Multiple Sclerosis Home > Avonex

Avonex is a prescription drug that is used for the treatment of multiple sclerosis. It is believed that the medication decreases nerve damage by preventing the immune system from attacking and destroying the protective coating around nerve fibers. Avonex, which comes in injection form, is injected into muscle once a week. While most people tolerate the medication well, side effects are possible, such as fever, chills, and headache.

What Is Avonex?

Avonex® (interferon beta-1a) is a prescription medication used to treat multiple sclerosis (MS). It is taken as a weekly injection into a muscle.
(Click Avonex Uses for more information on what it is used for, including possible off-label uses.)

Who Makes Avonex?

The medication is made by Biogen Idec, Inc.

How Does It Work?

Avonex is identical to a human interferon. Interferons are naturally occurring proteins or glycoproteins (proteins attached to carbohydrates). In humans, interferons are produced by cells in response to certain situations (such as viral infections) and often play a key role in the immune system. It is not fully understood how this drug works to treat MS. Although the exact causes of MS are not known, it is often considered to be an autoimmune disease in which the immune system attacks and destroys the protective coating around nerve fibers. It is thought that Avonex may work by limiting this immune system response, decreasing the damage to the nerves.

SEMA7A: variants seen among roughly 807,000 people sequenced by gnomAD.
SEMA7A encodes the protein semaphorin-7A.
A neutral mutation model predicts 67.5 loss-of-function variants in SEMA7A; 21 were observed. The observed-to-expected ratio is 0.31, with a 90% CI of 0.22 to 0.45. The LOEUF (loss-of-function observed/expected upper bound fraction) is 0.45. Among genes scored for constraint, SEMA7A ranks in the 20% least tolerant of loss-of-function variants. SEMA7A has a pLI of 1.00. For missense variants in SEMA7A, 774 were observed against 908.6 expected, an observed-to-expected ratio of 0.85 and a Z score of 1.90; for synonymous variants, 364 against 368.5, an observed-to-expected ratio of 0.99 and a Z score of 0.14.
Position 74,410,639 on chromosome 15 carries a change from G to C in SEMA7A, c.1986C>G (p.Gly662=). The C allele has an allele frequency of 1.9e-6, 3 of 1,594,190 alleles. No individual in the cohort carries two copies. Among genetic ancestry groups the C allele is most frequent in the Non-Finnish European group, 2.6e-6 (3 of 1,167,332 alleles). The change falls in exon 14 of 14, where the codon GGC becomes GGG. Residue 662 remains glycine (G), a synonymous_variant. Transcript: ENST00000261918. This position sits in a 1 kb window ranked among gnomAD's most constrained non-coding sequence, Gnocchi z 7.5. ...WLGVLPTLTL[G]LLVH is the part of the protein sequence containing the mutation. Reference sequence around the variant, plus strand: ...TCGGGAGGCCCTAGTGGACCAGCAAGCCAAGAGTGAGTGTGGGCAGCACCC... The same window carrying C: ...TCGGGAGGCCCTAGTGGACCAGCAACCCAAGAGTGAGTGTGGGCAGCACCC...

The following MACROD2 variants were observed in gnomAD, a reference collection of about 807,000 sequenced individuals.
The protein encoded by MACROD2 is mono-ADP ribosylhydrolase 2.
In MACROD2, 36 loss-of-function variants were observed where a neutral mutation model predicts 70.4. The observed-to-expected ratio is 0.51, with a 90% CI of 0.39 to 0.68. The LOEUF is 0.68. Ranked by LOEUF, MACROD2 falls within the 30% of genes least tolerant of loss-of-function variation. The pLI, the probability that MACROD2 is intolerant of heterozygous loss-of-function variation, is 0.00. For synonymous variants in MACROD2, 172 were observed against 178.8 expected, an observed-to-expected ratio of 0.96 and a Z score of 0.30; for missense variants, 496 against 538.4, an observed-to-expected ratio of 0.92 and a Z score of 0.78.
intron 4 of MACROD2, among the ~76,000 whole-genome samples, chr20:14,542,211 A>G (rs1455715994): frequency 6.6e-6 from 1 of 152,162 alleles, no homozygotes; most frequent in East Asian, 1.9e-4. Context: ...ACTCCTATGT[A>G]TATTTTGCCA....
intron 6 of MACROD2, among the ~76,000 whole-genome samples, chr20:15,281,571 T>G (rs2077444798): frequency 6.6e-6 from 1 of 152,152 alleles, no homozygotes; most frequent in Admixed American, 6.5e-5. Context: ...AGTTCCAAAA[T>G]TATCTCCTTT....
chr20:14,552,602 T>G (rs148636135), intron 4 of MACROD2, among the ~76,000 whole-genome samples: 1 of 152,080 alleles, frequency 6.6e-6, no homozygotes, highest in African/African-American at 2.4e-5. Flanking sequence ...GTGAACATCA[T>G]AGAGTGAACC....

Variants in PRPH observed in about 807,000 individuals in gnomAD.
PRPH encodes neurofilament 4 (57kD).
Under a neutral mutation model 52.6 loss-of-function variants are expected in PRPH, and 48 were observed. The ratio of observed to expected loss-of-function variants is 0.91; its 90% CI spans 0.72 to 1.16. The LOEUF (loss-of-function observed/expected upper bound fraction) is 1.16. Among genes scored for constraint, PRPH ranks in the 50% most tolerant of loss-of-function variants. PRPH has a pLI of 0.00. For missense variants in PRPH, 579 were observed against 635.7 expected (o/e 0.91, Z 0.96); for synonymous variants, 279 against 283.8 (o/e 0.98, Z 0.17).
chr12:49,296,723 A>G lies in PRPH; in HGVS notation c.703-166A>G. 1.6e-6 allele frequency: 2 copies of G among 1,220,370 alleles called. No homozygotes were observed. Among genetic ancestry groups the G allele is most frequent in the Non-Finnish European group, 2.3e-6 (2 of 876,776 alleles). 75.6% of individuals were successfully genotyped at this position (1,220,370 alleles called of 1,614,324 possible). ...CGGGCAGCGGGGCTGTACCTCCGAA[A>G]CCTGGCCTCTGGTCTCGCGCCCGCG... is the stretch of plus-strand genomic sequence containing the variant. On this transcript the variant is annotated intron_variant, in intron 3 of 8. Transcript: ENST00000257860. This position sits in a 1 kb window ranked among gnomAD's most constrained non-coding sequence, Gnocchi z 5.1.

Because Avonex is a glycoprotein (made up of protein and carbohydrate), it would be digested and inactivated by the digestive system if taken by mouth. For this reason, the medication must be injected to bypass the digestive tract.
Written by/reviewed by:
Last reviewed by: Kristi Monson, PharmD;
Last updated/reviewed:
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